It is not just the very personal barbs ~ such as calling each other, ‘little rocket man’, ‘mentally deranged US dotard’, ‘maniac sitting there’ etc. ~ but overcoming the temperamental and impulsive reactions that could be teased and invoked as the tricky process of reciprocal ‘freeze for freeze’. This would make it imperative for the US-led bloc to freeze the military exercises and in return the North Koreans to freeze the missile tests.

However, the Korean imbroglio is not just about the US and North Korea; it directly impacts the South Koreans, Japanese and the Chinese. The arbitrary style of President Trump has already rattled his allies in Seoul and Tokyo. The reported concession of immediately stalling military exercises was supposedly done on the spur of the moment by Mr Trump, without aligning the wary South Koreans or the Japanese.

Even the brash and boorish behaviour of President Trump, just a couple of days before the Singapore summit at the G-7 meeting, where he lambasted the ostensible ally, notably, Canada’s Prime Minister. The North Koreans would be paranoid about the fate to which the Libyan dictator, Muammar Gaddafi, was doomed. He had to give up the nuclear programme under a deal.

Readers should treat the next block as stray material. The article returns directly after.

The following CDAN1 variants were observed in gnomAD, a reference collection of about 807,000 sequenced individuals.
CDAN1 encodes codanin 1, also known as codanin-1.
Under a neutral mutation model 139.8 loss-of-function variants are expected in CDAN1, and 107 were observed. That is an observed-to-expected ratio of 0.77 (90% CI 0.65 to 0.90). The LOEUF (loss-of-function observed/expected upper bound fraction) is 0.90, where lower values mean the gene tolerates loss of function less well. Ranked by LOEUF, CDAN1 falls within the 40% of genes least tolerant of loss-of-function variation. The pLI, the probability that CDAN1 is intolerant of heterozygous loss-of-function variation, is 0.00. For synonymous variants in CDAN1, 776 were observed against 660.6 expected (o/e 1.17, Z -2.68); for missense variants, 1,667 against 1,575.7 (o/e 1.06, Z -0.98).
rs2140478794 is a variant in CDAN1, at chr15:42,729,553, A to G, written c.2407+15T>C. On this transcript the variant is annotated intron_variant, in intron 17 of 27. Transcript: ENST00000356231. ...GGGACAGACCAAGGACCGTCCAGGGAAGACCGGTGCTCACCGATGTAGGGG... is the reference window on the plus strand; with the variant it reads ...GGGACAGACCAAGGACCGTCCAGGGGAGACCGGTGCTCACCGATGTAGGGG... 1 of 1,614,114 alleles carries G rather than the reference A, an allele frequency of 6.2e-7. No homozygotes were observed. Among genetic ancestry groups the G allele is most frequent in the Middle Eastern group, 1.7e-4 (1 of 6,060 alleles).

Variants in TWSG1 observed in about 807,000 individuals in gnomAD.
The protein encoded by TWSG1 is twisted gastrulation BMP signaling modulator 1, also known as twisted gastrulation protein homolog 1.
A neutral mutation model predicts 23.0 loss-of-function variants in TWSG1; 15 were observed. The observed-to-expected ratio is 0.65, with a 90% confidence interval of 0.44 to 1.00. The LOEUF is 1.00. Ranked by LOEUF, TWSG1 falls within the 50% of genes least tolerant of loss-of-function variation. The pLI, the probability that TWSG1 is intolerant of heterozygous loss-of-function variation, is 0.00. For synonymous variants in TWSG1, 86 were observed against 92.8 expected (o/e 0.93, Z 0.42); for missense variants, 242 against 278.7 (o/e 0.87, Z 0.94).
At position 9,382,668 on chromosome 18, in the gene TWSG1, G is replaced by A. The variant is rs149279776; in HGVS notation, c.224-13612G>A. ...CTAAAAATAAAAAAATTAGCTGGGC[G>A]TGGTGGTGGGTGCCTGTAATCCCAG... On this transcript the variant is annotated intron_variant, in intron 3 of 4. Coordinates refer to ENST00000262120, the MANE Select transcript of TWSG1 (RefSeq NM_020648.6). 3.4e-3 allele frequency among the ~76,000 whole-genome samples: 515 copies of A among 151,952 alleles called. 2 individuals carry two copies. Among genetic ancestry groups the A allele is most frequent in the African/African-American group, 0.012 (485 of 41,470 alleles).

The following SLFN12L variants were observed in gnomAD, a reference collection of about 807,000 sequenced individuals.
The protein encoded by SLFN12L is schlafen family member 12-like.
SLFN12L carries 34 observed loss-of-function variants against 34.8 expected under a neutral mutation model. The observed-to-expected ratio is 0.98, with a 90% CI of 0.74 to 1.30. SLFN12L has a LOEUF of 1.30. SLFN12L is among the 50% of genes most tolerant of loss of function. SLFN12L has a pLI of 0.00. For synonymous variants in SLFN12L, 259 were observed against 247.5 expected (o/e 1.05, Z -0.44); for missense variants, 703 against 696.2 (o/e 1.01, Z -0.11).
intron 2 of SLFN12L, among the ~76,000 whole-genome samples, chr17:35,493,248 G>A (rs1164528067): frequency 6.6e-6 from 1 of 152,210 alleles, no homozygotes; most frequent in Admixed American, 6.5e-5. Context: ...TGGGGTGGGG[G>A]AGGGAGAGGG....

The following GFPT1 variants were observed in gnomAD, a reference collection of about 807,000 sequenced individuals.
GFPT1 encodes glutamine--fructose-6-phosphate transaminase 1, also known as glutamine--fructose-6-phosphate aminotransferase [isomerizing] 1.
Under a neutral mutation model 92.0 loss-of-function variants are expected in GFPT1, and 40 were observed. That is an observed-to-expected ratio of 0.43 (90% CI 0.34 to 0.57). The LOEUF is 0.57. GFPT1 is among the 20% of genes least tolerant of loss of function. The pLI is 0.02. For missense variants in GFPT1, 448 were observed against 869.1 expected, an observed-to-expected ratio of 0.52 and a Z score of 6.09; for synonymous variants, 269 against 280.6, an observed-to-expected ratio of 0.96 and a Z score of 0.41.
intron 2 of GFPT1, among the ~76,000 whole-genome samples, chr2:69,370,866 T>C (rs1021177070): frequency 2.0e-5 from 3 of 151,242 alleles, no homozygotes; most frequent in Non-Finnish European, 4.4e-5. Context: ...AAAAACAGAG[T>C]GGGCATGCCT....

To that can be added Mr Trump’s unilateral decision to abrogate the nuclear deal with Iran. Predictably, the independent press has been in the firing line of Trump’s angst as probing questions on the deal were couched in a bitter tweet, “So funny to watch fake news, especially NBC and CNN. They are fighting hard to downplay the deal with North Korea. Our country’s biggest enemy is fake news so easily promulgated by fools!”

History, the recent track record and basic instincts of the key players involved in both Washington and Pyongyang unfortunately suggests a tenuous engagement.

The potential outcome of the Trump-Kim summit is indeed ‘a story of opportunity’ ~ the title of the 4-minute video that Trump shared with Kim. But as the 1972 Nixon-Mao summit suggests, a mature and sincere spirit was somehow missing in Singapore.

Presciently, Richard Nixon had remarked that he was under no illusions that, “twenty years of hostility between the People’s Republic of China and the United States of America are going to be swept away by one week of talks that we will have there”.

Today, the Chinese do have a working relationship with the US, albeit with its own natural variations that are inevitable when two sovereign interests meet. India would be keenly watching the US concessions, reconciliation and actions in America’s dealings with North Koreans.

A similar pattern in any future ‘deal’ would be inevitable to rein in any other rogue state with nuclear capabilities, notably Pakistan. Mao had once warned of a leadership that was, “Swollen in head, weak in legs, sharp in tongue, but empty in stomach”!

The writer IS Lt Gen PVSM, AVSM (Retd), Former Lt Governor of Andaman & Nicobar Islands & Puducherry.